What are Staph Infections?
What are Staph Infections?
Staph infections are caused by staphylococcus bacteria. Staph infections can fall under two types: methicillin-susceptible staph (MSSA) or methicillin-resistant staph (MRSA). A test can determine which type someone has. The results will then allow the physician to decide which medications and treatments to prescribe for patients. For example, MSSA can be treated with methicillin while MRSA must be treated with other medications.
Staph infections can affect even the healthiest of individuals but usually result in little to no issues. About 25 percent of the population already carries staph in areas like the mouth and nose, but don’t experience any negative health issues. The most common way a staph infection can develop is when a small cut gets infected.
These infections can be deadly if not caught and treated early. Once a staph infection reaches a person’s heart, joints, lungs, bones, or bloodstream, it can lead to sepsis or septic shock. Over 119,000 Americans were diagnosed with a bloodstream-related staph infection in 2017, and of those diagnosed, nearly 20,000 people died from the condition. It is important to understand the signs, symptoms, causes, and treatments of staph infections to help prevent the spread of infection. Needless to say, staph infections are a matter to take very seriously. By understanding how staph infections develop and recognizing its symptoms, we can help prevent the spread of bacterial infections in ourselves and others.
Staph Infection Symptoms and Signs
Staph infections present themselves in different ways, where some signs are more apparent than others. Although not all the following could be caused by a staph infection, some of the more common symptoms include:
- Skin Infections (like boils or impetigo)
- Food Poisoning
- Septicemia (blood poisoning)
- Toxic Shock Syndrome
- Septic Arthritis
Staph infections can be caught early, especially if you consult your doctor if you or a loved one is experiencing:
- Pus-filled Blisters
- Red/Irritated Skin
- Passing of Skin Infections among Family Members
Staph Infections Diagnosis
The diagnosis of staph infections can vary, but most doctors will first perform a physical exam where they examine any skin issues. They may also speak with you about any internal symptoms you’re experiencing, like an ongoing or worsening fever.
If your doctor has noticed certain skin lesions or boils, they may take a sample from the area to test. The sample is directly extracted from the lesions or boils themselves or from your nasal secretions. The lab tests the culture to determine which antibiotics would help fight the infection – results are available within a couple of days.
Staph Infections Causes
Staph infections are caused by a number of reasons. Many people already carry the staph bacteria but do not experience any symptoms. However, the same people carrying the bacteria within their bodies can pass it along to others who are susceptible to developing an infection. Staph bacteria are able to survive on inanimate objects (such as pillowcases, bath towels, blankets, etc.) making the spread of the bacteria common. Unlike most bacteria types, staph bacteria can survive under extreme conditions like:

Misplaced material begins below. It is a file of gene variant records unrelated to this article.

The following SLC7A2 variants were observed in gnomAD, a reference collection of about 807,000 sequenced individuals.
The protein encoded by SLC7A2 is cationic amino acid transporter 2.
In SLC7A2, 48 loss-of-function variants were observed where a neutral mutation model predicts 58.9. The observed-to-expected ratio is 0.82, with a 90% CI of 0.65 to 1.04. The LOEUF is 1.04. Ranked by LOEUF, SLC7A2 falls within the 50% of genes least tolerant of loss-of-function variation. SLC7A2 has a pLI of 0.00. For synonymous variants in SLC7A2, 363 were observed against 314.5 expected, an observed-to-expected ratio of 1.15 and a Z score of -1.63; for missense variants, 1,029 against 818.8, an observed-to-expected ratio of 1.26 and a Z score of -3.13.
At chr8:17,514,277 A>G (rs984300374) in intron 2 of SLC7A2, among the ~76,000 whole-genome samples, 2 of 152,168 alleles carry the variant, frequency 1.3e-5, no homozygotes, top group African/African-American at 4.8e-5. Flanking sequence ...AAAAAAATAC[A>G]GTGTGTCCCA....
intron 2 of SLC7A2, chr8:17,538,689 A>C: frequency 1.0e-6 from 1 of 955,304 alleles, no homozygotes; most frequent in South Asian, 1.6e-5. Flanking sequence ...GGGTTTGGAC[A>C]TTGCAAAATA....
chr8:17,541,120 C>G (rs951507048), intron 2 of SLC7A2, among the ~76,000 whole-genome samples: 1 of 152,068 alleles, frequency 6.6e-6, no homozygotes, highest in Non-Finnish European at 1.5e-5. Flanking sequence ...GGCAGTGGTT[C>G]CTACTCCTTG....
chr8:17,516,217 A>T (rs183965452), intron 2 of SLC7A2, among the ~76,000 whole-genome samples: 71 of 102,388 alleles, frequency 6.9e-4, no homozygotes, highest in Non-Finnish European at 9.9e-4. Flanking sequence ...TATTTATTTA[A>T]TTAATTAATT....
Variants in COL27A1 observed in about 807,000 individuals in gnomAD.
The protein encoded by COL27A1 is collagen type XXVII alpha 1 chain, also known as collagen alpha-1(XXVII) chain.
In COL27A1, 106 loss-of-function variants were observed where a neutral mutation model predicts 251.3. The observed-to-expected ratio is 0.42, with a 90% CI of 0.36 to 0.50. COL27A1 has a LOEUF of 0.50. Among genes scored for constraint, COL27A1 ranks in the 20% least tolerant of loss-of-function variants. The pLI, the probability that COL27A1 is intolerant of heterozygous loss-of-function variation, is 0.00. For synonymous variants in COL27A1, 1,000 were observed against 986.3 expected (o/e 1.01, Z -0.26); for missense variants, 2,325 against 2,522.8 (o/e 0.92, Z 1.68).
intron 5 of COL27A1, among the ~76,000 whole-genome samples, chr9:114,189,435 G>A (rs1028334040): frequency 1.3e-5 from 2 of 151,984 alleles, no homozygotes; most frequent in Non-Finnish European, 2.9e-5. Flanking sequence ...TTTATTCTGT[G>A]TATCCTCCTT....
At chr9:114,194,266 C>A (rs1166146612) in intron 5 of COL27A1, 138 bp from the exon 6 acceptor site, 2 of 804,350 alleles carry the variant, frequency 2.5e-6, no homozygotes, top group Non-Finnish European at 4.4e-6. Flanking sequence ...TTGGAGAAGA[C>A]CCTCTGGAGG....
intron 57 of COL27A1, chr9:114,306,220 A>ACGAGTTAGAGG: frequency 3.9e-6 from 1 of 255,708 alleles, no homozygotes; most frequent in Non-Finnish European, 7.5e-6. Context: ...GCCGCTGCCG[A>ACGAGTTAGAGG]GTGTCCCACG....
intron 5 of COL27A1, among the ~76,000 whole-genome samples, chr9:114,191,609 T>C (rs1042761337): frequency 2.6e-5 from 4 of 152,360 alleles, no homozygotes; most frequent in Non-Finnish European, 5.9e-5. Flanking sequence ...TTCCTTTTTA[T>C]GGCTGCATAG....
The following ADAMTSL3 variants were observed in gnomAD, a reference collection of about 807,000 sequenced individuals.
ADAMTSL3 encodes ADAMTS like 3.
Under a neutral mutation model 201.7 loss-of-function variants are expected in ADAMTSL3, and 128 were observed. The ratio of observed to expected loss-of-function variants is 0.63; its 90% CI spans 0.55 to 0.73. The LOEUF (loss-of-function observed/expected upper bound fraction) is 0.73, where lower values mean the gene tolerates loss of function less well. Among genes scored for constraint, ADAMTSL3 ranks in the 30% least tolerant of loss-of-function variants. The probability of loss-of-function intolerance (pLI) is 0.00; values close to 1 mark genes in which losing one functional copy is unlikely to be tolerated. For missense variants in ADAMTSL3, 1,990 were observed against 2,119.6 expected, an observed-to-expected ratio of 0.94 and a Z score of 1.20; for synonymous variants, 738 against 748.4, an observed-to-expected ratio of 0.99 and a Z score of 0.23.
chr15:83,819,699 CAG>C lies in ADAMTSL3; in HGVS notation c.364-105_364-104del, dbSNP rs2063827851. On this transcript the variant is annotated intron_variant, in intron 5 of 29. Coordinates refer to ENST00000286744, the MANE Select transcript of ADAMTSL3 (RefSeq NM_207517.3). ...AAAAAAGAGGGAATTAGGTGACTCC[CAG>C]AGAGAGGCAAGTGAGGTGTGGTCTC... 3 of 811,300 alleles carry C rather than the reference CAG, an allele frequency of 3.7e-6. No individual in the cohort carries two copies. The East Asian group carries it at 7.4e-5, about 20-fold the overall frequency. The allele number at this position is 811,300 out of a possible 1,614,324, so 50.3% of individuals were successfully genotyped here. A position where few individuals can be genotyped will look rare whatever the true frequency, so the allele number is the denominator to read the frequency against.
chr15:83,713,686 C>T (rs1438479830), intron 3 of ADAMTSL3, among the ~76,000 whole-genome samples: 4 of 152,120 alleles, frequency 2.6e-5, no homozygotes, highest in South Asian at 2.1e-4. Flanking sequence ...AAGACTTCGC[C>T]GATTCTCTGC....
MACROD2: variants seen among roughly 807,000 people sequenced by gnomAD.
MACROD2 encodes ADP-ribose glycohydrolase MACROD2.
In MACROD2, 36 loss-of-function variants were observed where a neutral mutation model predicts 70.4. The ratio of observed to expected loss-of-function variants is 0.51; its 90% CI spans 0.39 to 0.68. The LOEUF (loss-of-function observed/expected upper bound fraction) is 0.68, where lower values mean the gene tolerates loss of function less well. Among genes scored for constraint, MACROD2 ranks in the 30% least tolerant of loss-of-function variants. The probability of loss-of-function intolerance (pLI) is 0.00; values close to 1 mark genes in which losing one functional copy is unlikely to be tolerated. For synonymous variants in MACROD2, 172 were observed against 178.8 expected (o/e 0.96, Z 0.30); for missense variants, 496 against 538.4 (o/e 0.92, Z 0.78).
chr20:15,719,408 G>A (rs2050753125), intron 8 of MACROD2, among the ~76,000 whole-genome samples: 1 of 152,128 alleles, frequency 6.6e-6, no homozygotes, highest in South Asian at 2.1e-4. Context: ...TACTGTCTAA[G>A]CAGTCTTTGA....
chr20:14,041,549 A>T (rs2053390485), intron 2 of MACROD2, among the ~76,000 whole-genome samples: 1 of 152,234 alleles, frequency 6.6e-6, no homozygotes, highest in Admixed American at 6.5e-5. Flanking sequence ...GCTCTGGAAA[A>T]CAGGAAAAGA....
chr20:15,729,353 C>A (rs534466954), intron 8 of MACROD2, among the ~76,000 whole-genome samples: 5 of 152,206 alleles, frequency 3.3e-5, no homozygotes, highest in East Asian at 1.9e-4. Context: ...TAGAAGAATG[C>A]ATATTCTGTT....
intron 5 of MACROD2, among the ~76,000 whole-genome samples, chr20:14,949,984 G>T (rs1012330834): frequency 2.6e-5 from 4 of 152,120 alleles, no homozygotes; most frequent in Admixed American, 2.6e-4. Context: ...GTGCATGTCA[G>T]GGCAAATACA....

- Stomach Acid
- Extreme Temperatures
- High Salt Levels
Risk Factors for Staph Infections
Certain risk factors can increase the likelihood of developing a staph infection, including underlying health conditions as well as external factors.
Underlying Health Conditions
- Skin Damage
- Respiratory Illnesses
Recent or Current Hospitalization where You’ve Experienced…
- Weakened Immune System
- Surgical Wounds
- Feeding, Breathing, and Dialysis Tubes
Other Risk Factors
- Unsanitary Food Preparation
- Contact Sports
Staph Infection Treatment
Staph infections can be treated in several different ways depending on the severity of the infection and the area affected. The most common treatment method is taking antibiotics. Depending on your sample’s results from the lab test, your doctor will decide which antibiotic is the most effective for your case. The antibiotics most commonly used to treat staph infections are sulfa drugs, nafcillin, vancomycin, or cephalosporins. You may have heard of vancomycin, as it is used most often since many strains of staph bacteria have grown resistant to other medicine. Most antibiotics, including vancomycin, are given through an IV, but some are also given orally. Regardless of the method, it’s crucial to take your medicine as prescribed and finish it entirely in order to help treat the staph infection.
Wound drainage is another method to help heal staph infections. If you have a wound on your body that comes back positive for staph bacteria, your doctor may make an incision into the affected abscess and drain any fluid. If an invasive device or prosthetic is the cause of a staph infection, your doctor will remove it as soon as possible; this may involve surgery.
To help prevent the spread of staph infections you can wash your hands regularly, avoid sharing personal items, change tampons frequently, keep wounds bandaged, follow food safety precautions, and wash bedding and clothing in hot water to kill bacteria.
If you do contract a staph infection or experience the telltale symptoms, don’t delay visiting your physician and receiving treatment. With proper care and attention, most people make a full recovery and do not need ongoing treatment.